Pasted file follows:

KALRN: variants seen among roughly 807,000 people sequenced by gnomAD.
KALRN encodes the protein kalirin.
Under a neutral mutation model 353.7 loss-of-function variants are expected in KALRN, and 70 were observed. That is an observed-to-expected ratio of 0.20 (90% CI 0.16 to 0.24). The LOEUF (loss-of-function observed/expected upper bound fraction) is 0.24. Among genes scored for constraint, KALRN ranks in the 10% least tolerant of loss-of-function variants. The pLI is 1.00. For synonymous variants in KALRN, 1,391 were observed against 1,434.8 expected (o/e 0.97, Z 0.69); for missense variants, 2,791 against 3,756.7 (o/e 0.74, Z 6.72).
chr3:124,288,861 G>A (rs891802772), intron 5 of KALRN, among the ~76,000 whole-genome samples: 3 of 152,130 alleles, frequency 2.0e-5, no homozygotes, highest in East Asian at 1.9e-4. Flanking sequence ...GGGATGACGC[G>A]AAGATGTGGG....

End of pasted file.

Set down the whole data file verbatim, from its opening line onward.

KALRN: variants seen among roughly 807,000 people sequenced by gnomAD.
KALRN encodes the protein kalirin.
Under a neutral mutation model 353.7 loss-of-function variants are expected in KALRN, and 70 were observed. That is an observed-to-expected ratio of 0.20 (90% CI 0.16 to 0.24). The LOEUF (loss-of-function observed/expected upper bound fraction) is 0.24. Among genes scored for constraint, KALRN ranks in the 10% least tolerant of loss-of-function variants. The pLI is 1.00. For synonymous variants in KALRN, 1,391 were observed against 1,434.8 expected (o/e 0.97, Z 0.69); for missense variants, 2,791 against 3,756.7 (o/e 0.74, Z 6.72).
chr3:124,288,861 G>A (rs891802772), intron 5 of KALRN, among the ~76,000 whole-genome samples: 3 of 152,130 alleles, frequency 2.0e-5, no homozygotes, highest in East Asian at 1.9e-4. Flanking sequence ...GGGATGACGC[G>A]AAGATGTGGG....